Twitter is an incredibly useful tool. One of the things that make it so useful is its power to connect you to people outside of your traditional network. Twitter is also one of the most under-utilized tools in agriculture. Part of this could be the misconception of it as a strictly entertainment focused application where you follow someone to get a chuckle out of what they’re tweeting, but the real power of Twitter lies in its ability to connect like-minded people. You can very quickly gain access to a huge amount of people who have common interests, and interact with those people instantaneously. This has huge implications not only in business but in areas of social activism as seen in the Middle East.

The main obstacle most people face is the intimidation factor Twitter poses when it comes to following people and aquiring that group of people who share your interests. A new user can have problems navigating that sea of information. The “lists” function available in Twitter helps you to avoid that long, confusing start to using it, and offers new users to jump right in and make the most of the Twitterverse. In this episode of AgNerds, Shaun Haney and Peter Gredig give a bit of a tutorial about lists in Twitter. Shaun and Peter show you how to find, follow and use the Canadian Agriculture list that shaun created.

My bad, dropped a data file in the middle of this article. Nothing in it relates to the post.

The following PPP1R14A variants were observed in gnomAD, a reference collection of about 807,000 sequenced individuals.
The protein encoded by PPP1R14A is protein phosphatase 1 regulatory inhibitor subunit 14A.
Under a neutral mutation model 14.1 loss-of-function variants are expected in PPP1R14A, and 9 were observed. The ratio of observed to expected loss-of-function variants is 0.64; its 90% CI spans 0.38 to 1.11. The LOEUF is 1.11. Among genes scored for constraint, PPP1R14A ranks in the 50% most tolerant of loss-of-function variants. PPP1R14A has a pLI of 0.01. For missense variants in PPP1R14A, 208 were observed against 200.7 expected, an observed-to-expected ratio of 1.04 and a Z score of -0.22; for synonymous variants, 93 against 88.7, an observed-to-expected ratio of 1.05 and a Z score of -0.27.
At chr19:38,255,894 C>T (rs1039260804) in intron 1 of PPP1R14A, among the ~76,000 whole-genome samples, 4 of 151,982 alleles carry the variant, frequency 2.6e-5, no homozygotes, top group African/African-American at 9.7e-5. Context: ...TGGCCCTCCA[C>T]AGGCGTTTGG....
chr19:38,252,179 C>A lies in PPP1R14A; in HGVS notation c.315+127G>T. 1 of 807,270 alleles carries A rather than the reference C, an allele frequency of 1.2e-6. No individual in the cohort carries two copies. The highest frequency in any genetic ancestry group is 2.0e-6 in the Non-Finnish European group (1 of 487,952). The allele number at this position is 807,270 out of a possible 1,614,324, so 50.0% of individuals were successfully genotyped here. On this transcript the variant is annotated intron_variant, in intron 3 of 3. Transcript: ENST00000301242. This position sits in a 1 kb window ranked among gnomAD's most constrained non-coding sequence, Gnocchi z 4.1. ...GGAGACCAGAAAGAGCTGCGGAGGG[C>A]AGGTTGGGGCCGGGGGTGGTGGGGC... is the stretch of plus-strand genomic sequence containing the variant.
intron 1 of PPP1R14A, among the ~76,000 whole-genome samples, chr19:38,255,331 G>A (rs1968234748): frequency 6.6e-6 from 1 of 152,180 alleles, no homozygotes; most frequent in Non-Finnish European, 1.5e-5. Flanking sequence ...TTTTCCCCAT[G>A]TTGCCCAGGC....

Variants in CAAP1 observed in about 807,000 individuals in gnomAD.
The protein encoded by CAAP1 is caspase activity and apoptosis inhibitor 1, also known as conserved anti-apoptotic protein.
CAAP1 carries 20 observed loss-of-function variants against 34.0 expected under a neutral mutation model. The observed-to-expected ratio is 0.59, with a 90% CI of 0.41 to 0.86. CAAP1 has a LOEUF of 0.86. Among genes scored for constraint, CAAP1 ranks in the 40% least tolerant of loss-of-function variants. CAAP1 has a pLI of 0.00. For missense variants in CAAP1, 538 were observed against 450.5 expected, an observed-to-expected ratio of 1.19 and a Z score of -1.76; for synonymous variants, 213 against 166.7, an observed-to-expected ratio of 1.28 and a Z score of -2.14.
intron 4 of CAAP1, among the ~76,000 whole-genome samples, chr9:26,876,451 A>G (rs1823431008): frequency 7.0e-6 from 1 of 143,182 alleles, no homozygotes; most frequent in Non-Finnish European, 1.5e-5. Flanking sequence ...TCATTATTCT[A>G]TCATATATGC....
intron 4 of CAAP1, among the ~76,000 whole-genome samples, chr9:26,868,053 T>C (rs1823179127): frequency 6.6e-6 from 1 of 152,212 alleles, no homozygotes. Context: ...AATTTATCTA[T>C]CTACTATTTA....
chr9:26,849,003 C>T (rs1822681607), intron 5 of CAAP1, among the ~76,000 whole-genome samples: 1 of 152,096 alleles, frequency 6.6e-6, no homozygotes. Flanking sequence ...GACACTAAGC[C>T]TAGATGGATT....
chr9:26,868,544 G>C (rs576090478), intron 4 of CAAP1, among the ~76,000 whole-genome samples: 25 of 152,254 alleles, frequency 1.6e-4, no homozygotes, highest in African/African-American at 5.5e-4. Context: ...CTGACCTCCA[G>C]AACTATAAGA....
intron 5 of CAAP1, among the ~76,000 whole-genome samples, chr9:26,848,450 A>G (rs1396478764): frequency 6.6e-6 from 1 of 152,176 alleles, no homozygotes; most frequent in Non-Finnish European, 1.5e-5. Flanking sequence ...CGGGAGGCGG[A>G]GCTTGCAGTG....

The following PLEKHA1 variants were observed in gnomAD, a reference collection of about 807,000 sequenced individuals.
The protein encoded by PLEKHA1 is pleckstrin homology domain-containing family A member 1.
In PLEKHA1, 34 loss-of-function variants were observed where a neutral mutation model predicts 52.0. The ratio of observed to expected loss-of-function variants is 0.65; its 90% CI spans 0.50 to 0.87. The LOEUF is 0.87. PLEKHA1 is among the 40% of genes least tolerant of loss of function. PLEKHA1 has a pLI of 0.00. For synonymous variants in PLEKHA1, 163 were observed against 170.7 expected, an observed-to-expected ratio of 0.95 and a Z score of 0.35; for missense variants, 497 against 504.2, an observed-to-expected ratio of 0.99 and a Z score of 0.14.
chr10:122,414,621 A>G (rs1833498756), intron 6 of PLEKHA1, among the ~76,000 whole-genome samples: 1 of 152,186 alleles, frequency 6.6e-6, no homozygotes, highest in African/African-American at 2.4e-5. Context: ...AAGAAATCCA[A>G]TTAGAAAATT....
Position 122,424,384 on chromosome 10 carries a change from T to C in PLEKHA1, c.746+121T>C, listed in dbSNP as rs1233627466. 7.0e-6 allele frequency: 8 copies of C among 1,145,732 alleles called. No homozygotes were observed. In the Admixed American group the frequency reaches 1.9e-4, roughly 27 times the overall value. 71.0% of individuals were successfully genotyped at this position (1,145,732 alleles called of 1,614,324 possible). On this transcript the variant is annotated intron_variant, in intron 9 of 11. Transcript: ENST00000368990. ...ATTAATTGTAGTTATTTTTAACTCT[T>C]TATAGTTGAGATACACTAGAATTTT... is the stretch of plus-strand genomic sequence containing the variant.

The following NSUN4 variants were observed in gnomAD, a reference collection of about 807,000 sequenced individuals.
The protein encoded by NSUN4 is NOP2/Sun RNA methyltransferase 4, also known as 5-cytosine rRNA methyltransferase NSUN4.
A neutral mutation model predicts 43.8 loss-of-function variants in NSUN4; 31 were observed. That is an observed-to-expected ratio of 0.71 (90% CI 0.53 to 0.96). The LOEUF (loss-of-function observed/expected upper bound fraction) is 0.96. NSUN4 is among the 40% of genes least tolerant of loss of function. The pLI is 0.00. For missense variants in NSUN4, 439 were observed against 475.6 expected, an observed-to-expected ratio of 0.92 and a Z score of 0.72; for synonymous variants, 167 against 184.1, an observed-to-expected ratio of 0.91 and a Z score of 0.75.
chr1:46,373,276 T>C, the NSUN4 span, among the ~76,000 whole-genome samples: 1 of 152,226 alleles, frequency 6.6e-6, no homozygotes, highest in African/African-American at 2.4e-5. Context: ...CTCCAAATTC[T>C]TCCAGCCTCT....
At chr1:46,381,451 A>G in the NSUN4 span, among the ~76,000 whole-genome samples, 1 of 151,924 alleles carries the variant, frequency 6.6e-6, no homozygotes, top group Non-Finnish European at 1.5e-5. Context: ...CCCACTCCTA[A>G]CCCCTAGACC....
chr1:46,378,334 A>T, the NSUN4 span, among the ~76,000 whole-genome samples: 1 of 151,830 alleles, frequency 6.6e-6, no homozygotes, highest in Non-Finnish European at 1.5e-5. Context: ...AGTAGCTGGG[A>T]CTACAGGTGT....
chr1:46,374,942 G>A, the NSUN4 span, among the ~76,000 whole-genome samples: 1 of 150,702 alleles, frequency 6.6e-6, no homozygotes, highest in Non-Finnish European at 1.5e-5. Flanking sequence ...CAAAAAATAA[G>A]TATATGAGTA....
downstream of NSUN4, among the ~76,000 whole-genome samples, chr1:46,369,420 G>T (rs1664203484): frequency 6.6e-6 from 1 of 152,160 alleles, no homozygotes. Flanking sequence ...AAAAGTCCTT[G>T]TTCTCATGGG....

If you want to check out the Canadian Agriculture list on Twitter, click here

If you cannot see the embedded video below click here.

3 thoughts on “AgNerds – How to Know What’s Going on in Canadian Agriculture on Twitter

  1. A good segment, I find the Canadian agriculture list heavy on English Canada. That’s not a criticism, but leaving out Quebec leaves out @ least a third of Canadian agriculture. My great challenge is finding Quebec farmers or agr professionals from Quebec on Twitter. I cannot speak French but I use Google Translate to communicate. I also use Google Translate to talk to corn and soybean farmers and marketing pros in Brazil and Argentina. That’s extremely valuable to me.
    I think lists are important, but they in fact can create more noise, its a work in progress. I find Twitter to be an extremely valuable research communication tool, one that continues to evolve. However, its important to engage people, answer every query, or @ least attempt to. I’ll look forward to your Playbook review.

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